What impact does the United States' energy production have on water supplies? What can the federal government do to help solve water supply issues? During today's OnPoint, Susan Marks, author of the new book "Aqua Shock: The Water Crisis in America," explains how energy demand and water supply issues intersect. She discusses local and federal action to minimize water supply issues. Marks also explains how expanding the production of alternatives and renewables will affect the nation's water supply.
Monica Trauzzi: Welcome to the show. I'm Monica Trauzzi. Joining me today is Susan Marks, author of the new book "Aqua Shock: The Water Crisis in America." Susan, thanks for coming on the show.
Susan Marks: Thank you for inviting me.
Monica Trauzzi: Susan, we're facing a global crisis over many of our basic resources, including energy and water, and you focus on water in your new book, but the two issues do intersect in pretty dramatic ways. What impact does our energy production have on the overall water crisis and our water use?
Susan Marks: Well, sometimes we don't realize just how broad water is in our lives. Water involves everything. We couldn't produce energy without water. Every day the United States alone uses more than 400 billion gallons of water, about half of that for energy production and it's not just hydroelectric power, that's to deliver the water, to clean the water, to transport the water, electricity requires water. People just do not realize how far-reaching water is.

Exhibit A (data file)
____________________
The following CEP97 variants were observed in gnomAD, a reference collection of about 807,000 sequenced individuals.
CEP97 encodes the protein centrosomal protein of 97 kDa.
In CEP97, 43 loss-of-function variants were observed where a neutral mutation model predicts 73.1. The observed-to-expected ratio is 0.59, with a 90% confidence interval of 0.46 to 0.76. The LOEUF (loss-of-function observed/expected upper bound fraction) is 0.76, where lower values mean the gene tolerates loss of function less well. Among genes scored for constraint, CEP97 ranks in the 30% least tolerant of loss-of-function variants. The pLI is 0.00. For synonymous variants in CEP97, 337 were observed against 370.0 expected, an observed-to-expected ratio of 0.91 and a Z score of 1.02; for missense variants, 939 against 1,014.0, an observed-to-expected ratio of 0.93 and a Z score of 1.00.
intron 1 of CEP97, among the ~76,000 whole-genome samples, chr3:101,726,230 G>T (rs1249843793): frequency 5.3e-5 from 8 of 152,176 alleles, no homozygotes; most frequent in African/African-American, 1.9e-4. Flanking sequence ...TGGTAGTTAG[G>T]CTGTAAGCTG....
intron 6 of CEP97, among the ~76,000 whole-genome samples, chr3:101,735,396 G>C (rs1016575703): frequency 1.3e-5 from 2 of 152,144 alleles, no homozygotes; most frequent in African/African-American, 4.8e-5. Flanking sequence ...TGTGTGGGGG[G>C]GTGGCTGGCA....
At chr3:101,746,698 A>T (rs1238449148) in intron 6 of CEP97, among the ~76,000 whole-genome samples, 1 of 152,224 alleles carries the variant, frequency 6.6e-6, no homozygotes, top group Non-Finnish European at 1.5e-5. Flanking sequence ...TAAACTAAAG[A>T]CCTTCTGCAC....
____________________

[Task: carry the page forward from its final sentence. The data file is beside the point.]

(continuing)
Monica Trauzzi: Well, there's a lot of talk now about switching to alternatives, renewables. Is there any hope that by switching to these other forms of energy that less water will be used in their production?
Susan Marks: Well, I laugh when you say alternative energies, because one of the problems is among the alternative energies people talk about oil shale. It just so happens that the oil shale extraction and production process is a tremendously water intensive process. And where are the primary deposits of oil shale, in arid places like Colorado where they already have tremendous water issues. So, alternative energy, will that make a difference in our water supplies? I can't really tell you. I'm not a scientist. I don't know, but people just often don't realize the extent the water reaches in our lives. I mean we all have to have water to live. All human beings have to have water to live, plus every other living thing on this planet requires water. So we're facing a pretty contentious crisis in the future.